CD Projekt, a company that gained respect, and the gaming community’s love with its Witcher franchise is now in shambles. I have never seen such a precipitous fall from grace for a “AAA” gaming company within the span of a week. Literally, two weeks ago the company was one of the most beloved publisher/developers in the world, and then, a week after Cyberpunk 2077’s launch, the company is now the laughing stock of the industry, and a cautionary tale on the pitfalls of deception, and unfinished games.
Every day, since its December 10th release, it seems that either a new game breaking bug, or a new troublesome issue pops up in the media. The company hasn’t caught a break, as its stock keeps dropping, and its latest game keeps getting panned. CD Projekt’s reputation has been destroyed, and it is unlikely that it will recover even after the company finishes patching Cyberpunk 2077 (a task that is likely to require years on base consoles).
How did we get here?
The easy answer is to say that: “CD Projekt rushed the game in an unfinished – at times beta – state to please fans and investors”. However, after 8 years of planning and development, the answers are much more complex than that. The New York Times published an article two days ago that sheds immense light into the large struggles within the Polish developer.
Cyberpunk 2077’s unfinished state is inexcusable. The game was announced in 2012, a year before the launch of the PlayStation 4, and Xbox One consoles. CD Projekt had 8 years to get this right. It is understood that The Witcher 3 was in development during this time, and up until its release in 2015. CD Projekt has been working since in improving that game’s experience across all platforms. However, that shouldn’t be an excuse; if you can’t work on two games at once for a few years, then maybe you shouldn’t work on two games at once.
It seems that over ambitions, greed, and over confidence played a part in Cyberpunk 2077’s downfall. According to the New York Times, developers working on the game knew that the game was not living up to the grand promises made by the CD Projekt Red’s executives. Here is an excerpt from the article that pretty much encompasses the company’s issues:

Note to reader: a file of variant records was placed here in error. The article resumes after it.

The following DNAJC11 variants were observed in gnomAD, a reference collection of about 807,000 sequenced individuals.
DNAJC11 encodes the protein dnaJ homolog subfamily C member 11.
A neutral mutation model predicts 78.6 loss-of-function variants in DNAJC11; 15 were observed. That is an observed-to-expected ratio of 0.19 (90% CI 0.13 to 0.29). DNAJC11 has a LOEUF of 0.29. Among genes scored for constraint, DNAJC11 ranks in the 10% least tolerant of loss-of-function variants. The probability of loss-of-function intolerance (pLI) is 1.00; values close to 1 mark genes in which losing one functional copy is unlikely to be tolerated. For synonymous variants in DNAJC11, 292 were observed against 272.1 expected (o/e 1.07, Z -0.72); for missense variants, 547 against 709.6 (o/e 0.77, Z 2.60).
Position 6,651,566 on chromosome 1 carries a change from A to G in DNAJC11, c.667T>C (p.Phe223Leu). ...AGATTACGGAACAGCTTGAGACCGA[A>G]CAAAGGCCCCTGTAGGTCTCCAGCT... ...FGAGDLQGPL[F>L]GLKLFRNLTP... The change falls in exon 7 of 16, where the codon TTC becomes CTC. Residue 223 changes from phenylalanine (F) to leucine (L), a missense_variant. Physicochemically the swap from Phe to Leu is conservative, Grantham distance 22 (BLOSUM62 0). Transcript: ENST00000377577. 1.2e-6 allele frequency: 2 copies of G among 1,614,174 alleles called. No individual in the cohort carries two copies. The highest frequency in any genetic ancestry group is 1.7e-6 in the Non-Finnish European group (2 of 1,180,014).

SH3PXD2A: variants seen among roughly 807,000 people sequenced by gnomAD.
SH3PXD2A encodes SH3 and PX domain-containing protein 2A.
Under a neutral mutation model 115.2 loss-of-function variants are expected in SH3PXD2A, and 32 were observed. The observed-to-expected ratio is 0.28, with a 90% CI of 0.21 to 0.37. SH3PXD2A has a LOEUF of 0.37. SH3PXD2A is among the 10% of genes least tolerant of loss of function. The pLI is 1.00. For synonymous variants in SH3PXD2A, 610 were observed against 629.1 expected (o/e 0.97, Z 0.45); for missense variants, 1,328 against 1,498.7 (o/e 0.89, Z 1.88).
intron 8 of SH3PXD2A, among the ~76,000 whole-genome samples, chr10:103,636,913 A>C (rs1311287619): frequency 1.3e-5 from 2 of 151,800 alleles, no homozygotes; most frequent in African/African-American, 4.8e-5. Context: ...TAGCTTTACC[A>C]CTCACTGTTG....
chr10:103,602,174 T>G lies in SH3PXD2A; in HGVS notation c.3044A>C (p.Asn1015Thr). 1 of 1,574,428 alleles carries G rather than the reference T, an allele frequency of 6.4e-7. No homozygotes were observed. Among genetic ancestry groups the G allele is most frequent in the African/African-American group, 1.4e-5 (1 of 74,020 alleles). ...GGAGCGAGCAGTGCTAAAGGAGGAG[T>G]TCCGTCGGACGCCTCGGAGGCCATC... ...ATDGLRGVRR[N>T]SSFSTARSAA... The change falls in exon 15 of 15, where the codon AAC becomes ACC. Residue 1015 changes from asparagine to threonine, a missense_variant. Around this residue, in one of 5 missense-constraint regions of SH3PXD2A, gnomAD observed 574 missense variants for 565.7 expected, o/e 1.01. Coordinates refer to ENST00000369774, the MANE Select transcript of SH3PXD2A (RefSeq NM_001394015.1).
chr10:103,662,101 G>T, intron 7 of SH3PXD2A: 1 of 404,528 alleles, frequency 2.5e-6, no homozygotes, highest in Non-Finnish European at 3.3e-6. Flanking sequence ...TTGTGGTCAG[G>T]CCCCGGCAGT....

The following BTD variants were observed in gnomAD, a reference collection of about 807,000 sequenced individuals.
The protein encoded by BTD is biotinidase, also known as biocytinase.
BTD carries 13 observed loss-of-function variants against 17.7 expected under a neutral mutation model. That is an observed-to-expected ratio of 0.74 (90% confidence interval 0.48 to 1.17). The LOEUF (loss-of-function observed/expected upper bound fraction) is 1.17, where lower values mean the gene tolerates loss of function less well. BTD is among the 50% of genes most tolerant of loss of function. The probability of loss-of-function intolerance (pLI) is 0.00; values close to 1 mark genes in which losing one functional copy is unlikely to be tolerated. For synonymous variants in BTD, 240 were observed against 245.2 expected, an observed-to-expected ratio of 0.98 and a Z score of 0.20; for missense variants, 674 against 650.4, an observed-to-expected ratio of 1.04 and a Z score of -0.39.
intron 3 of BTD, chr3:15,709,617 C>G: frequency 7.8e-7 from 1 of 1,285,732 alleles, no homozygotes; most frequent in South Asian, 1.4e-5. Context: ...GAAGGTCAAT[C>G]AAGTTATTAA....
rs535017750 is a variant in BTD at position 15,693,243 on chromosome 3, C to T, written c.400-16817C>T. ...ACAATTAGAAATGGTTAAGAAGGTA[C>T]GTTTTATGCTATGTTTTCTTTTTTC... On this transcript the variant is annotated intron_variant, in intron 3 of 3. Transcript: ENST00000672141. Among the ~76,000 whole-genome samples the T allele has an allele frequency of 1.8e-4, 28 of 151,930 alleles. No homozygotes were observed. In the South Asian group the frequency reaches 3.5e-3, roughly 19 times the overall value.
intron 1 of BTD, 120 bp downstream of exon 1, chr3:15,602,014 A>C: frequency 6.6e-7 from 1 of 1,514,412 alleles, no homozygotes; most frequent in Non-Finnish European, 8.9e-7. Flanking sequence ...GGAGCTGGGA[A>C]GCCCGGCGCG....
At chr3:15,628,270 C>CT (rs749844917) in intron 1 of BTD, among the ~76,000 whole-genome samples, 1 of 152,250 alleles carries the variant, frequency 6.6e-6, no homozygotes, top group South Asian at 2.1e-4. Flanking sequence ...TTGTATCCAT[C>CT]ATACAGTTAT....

Inside CD Projekt Red, it was a very different story. Developers were increasingly concerned with some of the grand promises being made by management on the promotional marketing tour. Far into the game’s development, former employees said, the hyper-customizable and endlessly explorable world being sold to players was nowhere close to manifesting.
By 2019, chatter began to circulate in Polish game development circles that CD Projekt Red was way behind schedule with Cyberpunk 2077, even with a release date set for the following April. Some saw the departure of top executives — including key board members — as major warning signs.- Mike Isaac, Kellen Browning, New York Times.
To add to the game’s troubles, CD Projekt lost some of its more experienced engineers, as they left the studio in retaliation to the crunch times that they had been subjected to.
From what I can tell, Cyberpunk 2077’s development seems to have been a disaster in planning, management of work force, resources, and a plain showcase on how over ambitions can send – what on the surface seemed to be – a ‘great’ company, tumbling down as a guilty casualty of an epic disaster of biblical proportions.
Why Investors are Angry?
Sony pulling out the game from their PlayStation Store was a huge blow to CD Projekt’s finances. Investors have lost, and are losing money as we speak, and so, when news that investors were thinking in filing a lawsuit surfaced a few days ago, I can’t say that I was surprised.